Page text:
Breast cancer

Updated 08 November 2017

Breast cancer risk in light drinkers

Light to moderate alcohol drinkers have an increased risk of breast cancer compared to women who do not drink beer, wine or liquor, said a US study published.

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Light to moderate alcohol drinkers have an increased risk of breast cancer compared to women who do not drink beer, wine or liquor, said a US study published.

Women who drink three to six glasses of alcohol per week have a 15% higher risk of getting breast cancer than women who do not drink, said the research led by Brigham and Women's Hospital and Harvard Medical School.

Women who drink on average two glasses daily of alcohol show a 51% higher risk of breast cancer, said the study published in the Journal of the American Medical Association.

Problems in drinking for heart

Researchers followed 105,986 women who answered survey questions about their health and alcohol consumption from 1980 until 2008.

The higher breast cancer risk was seen whether the women drank early in life or whether they were drinking after age 40, suggesting that even stopping may not have an effect on lowering risk.

The findings also present a dilemma for women who may choose to drink small amounts of alcohol, such as red wine, for heart health.

No info alcohol reduce cancer

"There are no data to provide assurance that giving up alcohol will reduce breast cancer risk," said an accompanying editorial by Steven Narod, a doctor at the Women's College Research Institute, Toronto.

"Women who abstain from all alcohol may find that a potential benefit of lower breast cancer risk is more than offset by the relinquished benefit of reduced cardiovascular mortality associated with an occasional glass of red wine," he wrote.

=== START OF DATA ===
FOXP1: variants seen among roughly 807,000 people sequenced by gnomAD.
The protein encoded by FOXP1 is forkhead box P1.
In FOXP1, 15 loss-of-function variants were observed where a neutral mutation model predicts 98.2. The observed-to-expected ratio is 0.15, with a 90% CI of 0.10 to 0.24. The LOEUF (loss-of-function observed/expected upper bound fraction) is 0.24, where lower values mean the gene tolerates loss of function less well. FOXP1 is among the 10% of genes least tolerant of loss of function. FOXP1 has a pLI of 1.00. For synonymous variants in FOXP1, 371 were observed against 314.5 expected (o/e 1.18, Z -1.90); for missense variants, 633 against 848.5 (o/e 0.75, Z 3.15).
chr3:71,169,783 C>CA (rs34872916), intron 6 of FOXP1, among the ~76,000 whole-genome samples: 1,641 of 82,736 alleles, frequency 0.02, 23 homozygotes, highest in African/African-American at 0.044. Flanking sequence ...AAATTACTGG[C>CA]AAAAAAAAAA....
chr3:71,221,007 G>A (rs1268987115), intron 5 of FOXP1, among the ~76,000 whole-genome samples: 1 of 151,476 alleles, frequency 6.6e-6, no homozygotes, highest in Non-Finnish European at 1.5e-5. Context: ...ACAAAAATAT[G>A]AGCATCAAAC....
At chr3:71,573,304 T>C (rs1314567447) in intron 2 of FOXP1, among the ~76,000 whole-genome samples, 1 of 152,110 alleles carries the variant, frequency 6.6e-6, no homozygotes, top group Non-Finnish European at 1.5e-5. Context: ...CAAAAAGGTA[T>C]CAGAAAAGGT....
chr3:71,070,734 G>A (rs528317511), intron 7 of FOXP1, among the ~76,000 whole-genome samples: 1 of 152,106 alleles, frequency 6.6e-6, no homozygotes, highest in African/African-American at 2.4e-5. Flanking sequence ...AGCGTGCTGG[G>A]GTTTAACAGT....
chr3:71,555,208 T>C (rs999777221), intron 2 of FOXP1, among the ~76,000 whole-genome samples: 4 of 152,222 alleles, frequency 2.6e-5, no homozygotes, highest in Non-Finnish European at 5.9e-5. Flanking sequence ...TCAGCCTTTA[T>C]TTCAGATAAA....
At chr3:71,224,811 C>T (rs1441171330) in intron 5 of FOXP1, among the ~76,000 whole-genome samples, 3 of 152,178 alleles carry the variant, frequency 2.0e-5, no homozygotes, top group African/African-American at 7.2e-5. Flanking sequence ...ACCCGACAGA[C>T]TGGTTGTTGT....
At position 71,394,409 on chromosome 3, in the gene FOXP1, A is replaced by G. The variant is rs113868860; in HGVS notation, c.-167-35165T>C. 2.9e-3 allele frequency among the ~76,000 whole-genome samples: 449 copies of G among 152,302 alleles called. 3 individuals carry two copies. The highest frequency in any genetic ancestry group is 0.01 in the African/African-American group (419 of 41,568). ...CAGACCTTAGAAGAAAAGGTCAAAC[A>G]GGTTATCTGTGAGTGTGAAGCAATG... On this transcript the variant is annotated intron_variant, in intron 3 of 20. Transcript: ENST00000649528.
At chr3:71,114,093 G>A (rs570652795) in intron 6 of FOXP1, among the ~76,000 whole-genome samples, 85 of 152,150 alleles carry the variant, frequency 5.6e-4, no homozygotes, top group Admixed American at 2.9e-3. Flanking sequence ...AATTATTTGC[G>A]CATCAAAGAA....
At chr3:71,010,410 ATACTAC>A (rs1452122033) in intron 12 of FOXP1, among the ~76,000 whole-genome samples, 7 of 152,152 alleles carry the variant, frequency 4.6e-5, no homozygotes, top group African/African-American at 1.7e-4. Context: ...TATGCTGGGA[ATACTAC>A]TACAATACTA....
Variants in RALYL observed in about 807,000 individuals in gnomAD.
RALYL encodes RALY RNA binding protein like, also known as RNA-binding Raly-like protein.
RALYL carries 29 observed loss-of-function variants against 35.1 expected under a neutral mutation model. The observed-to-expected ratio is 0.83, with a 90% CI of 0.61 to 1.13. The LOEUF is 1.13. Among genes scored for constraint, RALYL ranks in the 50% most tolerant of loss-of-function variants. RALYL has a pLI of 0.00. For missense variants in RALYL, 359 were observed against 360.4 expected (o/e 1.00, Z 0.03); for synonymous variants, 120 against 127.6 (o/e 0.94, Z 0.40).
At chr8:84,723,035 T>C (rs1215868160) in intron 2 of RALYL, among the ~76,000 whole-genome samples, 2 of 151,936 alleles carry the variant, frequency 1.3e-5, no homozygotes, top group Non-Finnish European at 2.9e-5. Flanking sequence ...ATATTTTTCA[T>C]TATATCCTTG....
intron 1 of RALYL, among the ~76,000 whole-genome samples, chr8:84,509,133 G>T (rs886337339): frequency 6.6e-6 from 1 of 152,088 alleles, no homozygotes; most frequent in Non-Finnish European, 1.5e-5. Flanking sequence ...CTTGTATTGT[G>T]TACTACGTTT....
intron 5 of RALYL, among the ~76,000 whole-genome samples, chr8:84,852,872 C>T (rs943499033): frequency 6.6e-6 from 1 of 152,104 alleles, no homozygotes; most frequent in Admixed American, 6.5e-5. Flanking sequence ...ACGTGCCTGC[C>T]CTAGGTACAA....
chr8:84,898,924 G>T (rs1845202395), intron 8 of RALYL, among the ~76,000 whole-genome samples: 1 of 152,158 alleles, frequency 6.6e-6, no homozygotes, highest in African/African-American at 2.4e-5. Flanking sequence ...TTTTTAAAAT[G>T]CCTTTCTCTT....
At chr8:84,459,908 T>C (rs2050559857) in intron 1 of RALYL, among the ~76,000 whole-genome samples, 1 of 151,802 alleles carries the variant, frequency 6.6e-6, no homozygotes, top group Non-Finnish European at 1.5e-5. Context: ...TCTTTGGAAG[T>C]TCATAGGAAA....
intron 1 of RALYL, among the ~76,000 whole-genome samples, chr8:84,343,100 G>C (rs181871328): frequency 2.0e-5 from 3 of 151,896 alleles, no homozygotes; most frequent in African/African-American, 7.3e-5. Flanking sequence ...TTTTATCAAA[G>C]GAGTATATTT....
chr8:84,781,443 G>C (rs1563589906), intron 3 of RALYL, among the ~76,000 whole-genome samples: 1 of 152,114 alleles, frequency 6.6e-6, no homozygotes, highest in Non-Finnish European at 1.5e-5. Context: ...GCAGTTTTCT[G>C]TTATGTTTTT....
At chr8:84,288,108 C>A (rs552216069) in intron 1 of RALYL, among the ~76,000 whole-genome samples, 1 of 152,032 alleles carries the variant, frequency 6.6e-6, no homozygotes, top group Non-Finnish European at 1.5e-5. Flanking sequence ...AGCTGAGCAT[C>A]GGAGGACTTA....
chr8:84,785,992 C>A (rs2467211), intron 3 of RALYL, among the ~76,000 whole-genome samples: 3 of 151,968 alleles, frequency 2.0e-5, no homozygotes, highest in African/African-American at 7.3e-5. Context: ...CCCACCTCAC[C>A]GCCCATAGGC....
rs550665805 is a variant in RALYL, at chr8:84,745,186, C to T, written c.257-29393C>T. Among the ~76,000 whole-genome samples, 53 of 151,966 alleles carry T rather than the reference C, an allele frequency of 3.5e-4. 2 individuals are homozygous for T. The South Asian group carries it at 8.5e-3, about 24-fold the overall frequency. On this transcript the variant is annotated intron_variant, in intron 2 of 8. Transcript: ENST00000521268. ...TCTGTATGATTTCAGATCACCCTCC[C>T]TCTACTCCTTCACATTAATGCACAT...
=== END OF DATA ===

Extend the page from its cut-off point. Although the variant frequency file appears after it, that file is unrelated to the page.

The study authors said that the reason for the boost in breast cancer risk remains unknown, but hypothesized that it could be due to the elevation of sex hormones circulating in a woman's system after she drinks alcohol.

(Sapa, November 2011) 

 

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Breast cancer expert

Dr Gudgeon qualified in Birmingham, England, in 1968. She has more than 40 years experience in oncology, and in 1994 she founded her practice, Cape Breast Care, where she treats benign and malignant breast cancers. Dr Boeddinghaus obtained her qualification at UCT Medical School in 1994 and her MRCP in London in 1998. She has worked extensively in the field of oncology and has a special interest in the hormonal management of breast cancer. She now works with Dr Gudgeon at Cape Breast Care. Read more.

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